The first provision that Sean cites requires the use of a preferred provider, but only “if applicable.” While Elizabeth admitted that M.M.'s therapist was not a preferred provider, she also testified that she “tried” to find preferred providers to provide the challenged therapy to M.M. but that, of the few therapists who will see children of “high-conflict divorces,”9 “those that will” see such children do not accept insurance because they “know that they don't need to go through insurance so they don't.” We conclude that this constituted legally and factually sufficient evidence to support the trial court's implied finding that use of a preferred provider was not “applicable” under such circumstances.10
However, as to Sean's challenge to Elizabeth's use of a non-preferred provider for M.M.'s neuropsychological exam, we conclude that there is legally insufficient evidence to support the trial court's implied finding that use of a preferred provider for that service was not “applicable.” As to this challenged expense—and unlike her testimony about M.M.'s therapy—Elizabeth testified that (1) she did not know whether it is “difficult” to find neuropsychologists for children with dyslexia when there is a high-conflict divorce, (2) the fact that the divorce was high-conflict was not a “consideration” for her in choosing the provider, (3) she “honestly” was “not even sure how to find [such] preferred providers” but instead relied on “recommendations from others,” and (4) had “not tried” calling their insurance company and asking for a list of preferred providers. Accordingly, we overrule Sean's fourth issue as to the arrearage award of $450 for Dr. Carter's therapy but sustain the issue as to the award of $1,425 for Dr. Robillard's neurophysiological exam.
In his fifth issue, Sean argues that the trial court abused its discretion in ordering him to pay half ($1,500) of M.M.'s private-school tuition 11 because the decree “requires that the children remain in public school.” This issue turns on construction of the agreed decree, which is governed by contract law and is a question of law that we review de novo. See Rudolph, 2018 WL 2648514, at *4; Foreman, 2014 WL 711249, at *3. We disagree with Sean and conclude that the decree does not require Elizabeth to keep M.M. in public school.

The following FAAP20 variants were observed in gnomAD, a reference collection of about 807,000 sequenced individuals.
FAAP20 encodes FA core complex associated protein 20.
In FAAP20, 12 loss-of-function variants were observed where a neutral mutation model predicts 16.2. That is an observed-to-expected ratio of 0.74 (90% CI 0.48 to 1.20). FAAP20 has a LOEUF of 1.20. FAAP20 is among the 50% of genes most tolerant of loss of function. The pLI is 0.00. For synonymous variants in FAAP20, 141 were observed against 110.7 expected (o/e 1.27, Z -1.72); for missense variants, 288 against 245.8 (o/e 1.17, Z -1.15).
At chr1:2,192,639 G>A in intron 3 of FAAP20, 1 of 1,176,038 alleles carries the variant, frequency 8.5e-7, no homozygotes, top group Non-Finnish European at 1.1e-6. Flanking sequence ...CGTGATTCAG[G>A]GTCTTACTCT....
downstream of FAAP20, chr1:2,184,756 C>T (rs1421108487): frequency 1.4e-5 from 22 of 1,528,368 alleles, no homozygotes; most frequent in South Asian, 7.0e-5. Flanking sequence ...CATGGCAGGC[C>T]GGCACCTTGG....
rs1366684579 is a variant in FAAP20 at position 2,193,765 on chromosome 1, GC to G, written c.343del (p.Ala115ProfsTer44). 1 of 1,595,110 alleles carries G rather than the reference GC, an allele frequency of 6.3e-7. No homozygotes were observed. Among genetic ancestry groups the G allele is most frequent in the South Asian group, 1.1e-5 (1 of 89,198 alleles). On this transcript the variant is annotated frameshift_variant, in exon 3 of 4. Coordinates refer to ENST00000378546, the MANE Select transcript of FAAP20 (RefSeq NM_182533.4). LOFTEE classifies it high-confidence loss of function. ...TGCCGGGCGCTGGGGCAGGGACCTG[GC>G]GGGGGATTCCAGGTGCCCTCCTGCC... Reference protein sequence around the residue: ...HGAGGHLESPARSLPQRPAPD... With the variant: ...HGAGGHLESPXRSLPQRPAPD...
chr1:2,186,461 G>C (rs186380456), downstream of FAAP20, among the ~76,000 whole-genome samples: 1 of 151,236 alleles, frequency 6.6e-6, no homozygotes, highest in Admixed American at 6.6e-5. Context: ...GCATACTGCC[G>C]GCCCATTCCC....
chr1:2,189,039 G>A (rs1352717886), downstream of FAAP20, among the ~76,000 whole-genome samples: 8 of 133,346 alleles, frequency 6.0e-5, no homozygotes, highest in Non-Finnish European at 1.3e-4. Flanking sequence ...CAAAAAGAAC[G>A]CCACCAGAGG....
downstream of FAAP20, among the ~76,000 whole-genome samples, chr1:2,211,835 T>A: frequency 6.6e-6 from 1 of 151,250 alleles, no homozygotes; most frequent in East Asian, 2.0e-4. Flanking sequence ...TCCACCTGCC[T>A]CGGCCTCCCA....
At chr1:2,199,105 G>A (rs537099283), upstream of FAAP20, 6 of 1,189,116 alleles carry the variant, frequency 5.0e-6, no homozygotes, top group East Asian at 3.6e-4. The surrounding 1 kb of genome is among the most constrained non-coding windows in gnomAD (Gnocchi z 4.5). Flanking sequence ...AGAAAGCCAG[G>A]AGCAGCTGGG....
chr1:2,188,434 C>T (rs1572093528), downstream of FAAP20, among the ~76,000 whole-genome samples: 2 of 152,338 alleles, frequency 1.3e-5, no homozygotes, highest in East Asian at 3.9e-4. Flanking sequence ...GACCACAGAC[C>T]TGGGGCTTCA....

To support his argument, Sean cites the italicized clause of the following provision in the decree:
[The mother has] the right to make decisions concerning the children's education after conferring with the father; after ten days the mother shall make a final decision; the mother shall keep the children in their current school district unless the school addresses enrollment of the mother's address (the mother will not take actions to alter the current status—meaning notifying the school of the “use” of the condo access/address); however, the children's attendance of any future school or school district shall be dependent on the mother's residence[.]
(Emphasis added.) Although if read in isolation the italicized clause might arguably be construed to require that the children remain in their then-current public school indefinitely—unless the school district “addresses the enrollment of mother's address”—we must harmonize it with the remainder of the decree, if possible, bearing in mind that a specific provision controls over a general one. See Trudy's Tex. Star, Inc. v. Weingarten Realty Invs., No. 03-03-00538-CV, 2004 WL 1792374, at *3 (Tex. App.—Austin Aug. 12, 2004, pet. denied) (mem. op.) (citing Ogden v. Dickinson State Bank, 662 S.W.2d 330, 332 (Tex. 1983) and Forbau v. Aetna Life Ins., 876 S.W.2d 132, 133–34 (Tex. 1994)). The decree contains a more specific provision expressly contemplating that M.M. may require private schooling due to her disabilities and providing for its payment:
Disabilities – Each party shall pay as additional child support for 50% fees associated with [M.M.]'s private tutoring, school, and camps associated with her disabilities, including but not limited to, dyslexia, as long as necessary.
(Emphasis added.) Pursuant to prevailing grammatical rules, and contrary to what Sean contends, the adjective “private” modifies not only “tutoring” but also “school” and “camps.” See In re H.S., 550 S.W.3d 151, 157 (Tex. 2018) (endorsing grammatical rule that adjective preceding uninterrupted series of nouns modifies all following nouns in phrase (citing Iliff v. Iliff, 339 S.W.3d 74, 80 (Tex. 2011))); Howard v. Howard, 490 S.W.3d 179, 186 n.2 (Tex. App.—Houston [1st Dist.] 2016, pet. denied) (“[T]he first adjective in a series of nouns or phrases modifies each noun or phrase in the following series unless another adjective appears.” (citations omitted)). Harmonizing this paragraph with the previously quoted paragraph requires the conclusion that Elizabeth is permitted to enroll M.M. in a private school that specializes in assisting children with dyslexia and that Sean must pay for half of the associated fees.13 Accordingly, we overrule Sean's fifth issue.
In his sixth and final issue, Sean contends that the trial court's award to Elizabeth of $20,000 in trial-level attorney's fees in its October 1, 2019 order is void because the court had lost plenary power by then due to an earlier July 23, 2019 letter ruling that constituted the trial court's “final order.” See In re Elizondo, 544 S.W.3d 824, 829 (Tex. 2018) (recognizing that, except for correction of clerical orders, trial court's orders rendered after its plenary power has expired are void); State ex rel. Latty v. Owens, 907 S.W.2d 484, 486 (Tex. 1995) (“Judicial action taken after the court's jurisdiction over a cause has expired is a nullity.”).